Q: How do the benefits of the training outweigh the cost of off-floor time for your employees?
Fitzgerald: In terms of ROI, it’s difficult to point to a line on the balance sheet and say, “this is my return.” But experientially, you absolutely know—without making any calculations—that you’re better off. I can say, without having any empirical data to point to, that I know for a fact that we have better operators on the floor and we get a higher-quality product from the team that creates drawings and reviews product. Because of the training, I know our operators are making better decisions. I know that we are making fewer mistakes.
Some important issues to understand are the following: In our industry, we operate as a build-to-print aerospace sheet metal shop where there is a small pool of highly skilled operators. Our most highly skilled operators perform complex hydroform work, which involves a certain degree of art or magic. Those talented operators are at the heart of our business and are a key component of our competitive advantage. Therefore, we try to protect them as best we can. So, anything we can do to convey to them that they’re part of a team and that they’re highly valued is very beneficial to us. Providing them with training that further develops their skills and enhances their productivity demonstrates to them that they are valued by the company. And when you perceive in those employees an increased sense of morale and engagement, that’s the MasterCard commercial moment. That’s the priceless piece.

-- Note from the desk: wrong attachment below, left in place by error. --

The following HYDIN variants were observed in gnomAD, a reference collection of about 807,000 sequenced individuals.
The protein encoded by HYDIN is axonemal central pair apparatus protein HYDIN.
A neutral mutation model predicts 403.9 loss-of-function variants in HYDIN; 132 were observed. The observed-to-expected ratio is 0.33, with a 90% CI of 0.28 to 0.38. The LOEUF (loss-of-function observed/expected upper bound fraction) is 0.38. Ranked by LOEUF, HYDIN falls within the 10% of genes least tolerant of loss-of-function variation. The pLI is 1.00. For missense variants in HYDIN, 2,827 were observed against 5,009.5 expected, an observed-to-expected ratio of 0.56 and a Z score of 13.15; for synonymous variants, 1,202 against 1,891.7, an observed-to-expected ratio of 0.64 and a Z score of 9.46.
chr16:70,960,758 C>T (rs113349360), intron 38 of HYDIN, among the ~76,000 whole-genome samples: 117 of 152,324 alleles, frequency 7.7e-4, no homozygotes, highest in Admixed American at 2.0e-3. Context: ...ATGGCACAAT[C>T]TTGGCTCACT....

Q: What is the process you go through to initiate ETP-funded training programs with El Camino College?
Fitzgerald: When we need to initiate training, we go to El Camino College’s catalog, select the courses we want, and contact the instructors to determine their availability. It is a great advantage to have the instruction take place on-site at our company. I typically talk with the instructors before the training begins. I ask them about what they teach, how they teach it, and what types of teaching materials they plan to use. Eldon’s staff is great about preparing the contracts and providing us with the Excel spreadsheets in which we provide the ETP-required demographic and pay-rate data.
Q: What types of ETP-funded training do you most often provide to your employees?
Fitzgerald: The courses we most often provide to our employees are Microsoft Excel training and blueprint reading, which also involves geometric dimensioning and tolerancing (GD&T), which is a very specific technical skill that involves breaking down three-dimensional shapes and models into two-dimensional drawings.
We’ve also held a vocational English for Spanish speakers class, which gave a broad overview of manufacturing and basic information about manufacturing processes, and included sections on lean manufacturing, inspection, and material science. That class was very well received.
Q: What other factors make your working relationship with El Camino College successful?
Fitzgerald: El Camino College is a topnotch school that provides us with excellent instructors who are committed to delivering high-quality training. For example, we often work with Angel De Sevilla, who is a GD&T/blueprint inspector. Before a course begins, I’ll send Angel drawings we’ve made, or I’ll send him programs that we use, which gives him a good sense of the people he will be instructing. In the classroom, he’ll use those drawings for critiques and ask the class if all the information in the drawing is presented accurately. He will press them further and ask, “How can we make these drawings better? How can we make them more readable, more understandable, so it’s less likely the operator will make mistakes?” In this way, Angel ensures that the course is highly relevant to our needs and specific to our industry. It is also a big advantage that Angel can give instruction in Spanish if required.